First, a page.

Insertion loss is the measure of the loss of load power at the speaker due to excessive resistive losses of the cable or any additional component attached between the amplifier and the loudspeaker. We typically express this loss in decibels (dB) using the following formula:
ILoss = 20* log
[ (Rload / (Rload + Rcable) ]
Note: For simplicity sake, we will assume the output impedance of the amplifier is zero which represents an ideal amplifier.
What happens when you have too much insertion loss?
You will experience power loss in the speaker cable resulting in the speaker not playing as loudly. But it takes a whole lot of loss here to become audible. For example, it would take nearly 1 ohm of cable resistance to drop the signal level down 1dB for an 8 ohm speaker. More importantly however, as the series resistance caused by the speaker cable increases, it makes the amplifier look more like a current source which will in turn cause the speakers frequency response to follow the rise and fall of its own impedance curve.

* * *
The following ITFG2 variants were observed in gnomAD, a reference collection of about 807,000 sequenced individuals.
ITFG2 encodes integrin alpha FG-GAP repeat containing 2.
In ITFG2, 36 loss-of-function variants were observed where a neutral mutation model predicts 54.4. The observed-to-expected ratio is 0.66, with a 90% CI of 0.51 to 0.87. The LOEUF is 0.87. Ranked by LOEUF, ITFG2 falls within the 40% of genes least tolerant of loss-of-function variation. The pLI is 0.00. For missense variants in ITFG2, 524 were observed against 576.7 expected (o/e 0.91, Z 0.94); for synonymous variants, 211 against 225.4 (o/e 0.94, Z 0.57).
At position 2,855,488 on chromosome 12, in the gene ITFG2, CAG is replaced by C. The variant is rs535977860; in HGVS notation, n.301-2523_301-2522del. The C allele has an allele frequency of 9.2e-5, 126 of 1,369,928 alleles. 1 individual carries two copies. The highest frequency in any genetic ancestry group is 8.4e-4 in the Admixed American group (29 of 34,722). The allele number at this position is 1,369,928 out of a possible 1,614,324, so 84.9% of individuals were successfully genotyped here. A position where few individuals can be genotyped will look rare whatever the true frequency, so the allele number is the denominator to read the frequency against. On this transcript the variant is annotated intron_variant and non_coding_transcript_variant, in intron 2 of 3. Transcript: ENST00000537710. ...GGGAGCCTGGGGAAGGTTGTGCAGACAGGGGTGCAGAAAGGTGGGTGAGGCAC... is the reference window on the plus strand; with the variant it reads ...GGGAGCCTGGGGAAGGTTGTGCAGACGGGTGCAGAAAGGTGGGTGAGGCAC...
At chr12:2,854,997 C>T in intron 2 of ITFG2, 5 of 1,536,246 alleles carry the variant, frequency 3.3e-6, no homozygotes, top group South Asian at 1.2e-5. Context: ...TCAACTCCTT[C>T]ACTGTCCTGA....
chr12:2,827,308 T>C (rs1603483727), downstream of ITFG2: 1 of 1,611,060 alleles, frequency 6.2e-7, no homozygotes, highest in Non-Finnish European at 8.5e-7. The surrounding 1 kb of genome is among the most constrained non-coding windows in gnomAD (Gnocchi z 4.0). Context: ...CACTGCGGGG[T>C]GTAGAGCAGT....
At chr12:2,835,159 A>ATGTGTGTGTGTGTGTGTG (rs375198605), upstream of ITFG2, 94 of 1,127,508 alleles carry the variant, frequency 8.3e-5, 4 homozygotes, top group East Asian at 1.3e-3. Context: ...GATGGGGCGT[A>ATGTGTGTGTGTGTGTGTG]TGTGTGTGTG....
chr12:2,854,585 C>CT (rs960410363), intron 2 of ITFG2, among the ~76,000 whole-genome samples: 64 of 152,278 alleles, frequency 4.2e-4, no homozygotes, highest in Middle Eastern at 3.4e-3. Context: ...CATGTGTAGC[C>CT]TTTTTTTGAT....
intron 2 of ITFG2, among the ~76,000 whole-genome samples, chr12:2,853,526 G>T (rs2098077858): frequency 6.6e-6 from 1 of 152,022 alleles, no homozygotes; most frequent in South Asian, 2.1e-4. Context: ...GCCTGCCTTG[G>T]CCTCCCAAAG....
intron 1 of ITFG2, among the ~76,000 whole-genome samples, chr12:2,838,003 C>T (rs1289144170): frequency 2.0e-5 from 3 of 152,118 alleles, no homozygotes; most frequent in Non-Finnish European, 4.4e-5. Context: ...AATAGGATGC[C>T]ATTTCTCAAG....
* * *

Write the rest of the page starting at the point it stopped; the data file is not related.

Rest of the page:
In order to minimize the potential of audibility here, I have established a guideline of the maximum acceptable degree of insertion loss that a cable should present to the system so that when a real world amplifier and loudspeaker are connected, the cable resistance will have a negligible contribution to the overall system response. I plotted the Insertion Loss (dB) vs Distance (ft) for various cable gauges from 18AWG to 10AWG using an 8 ohm speaker load.
If you are truly concerned with top notch fidelity, than:
ILoss < -0.2 dB
Figure 1. Insertion Loss vs Distance for Various AWG Cables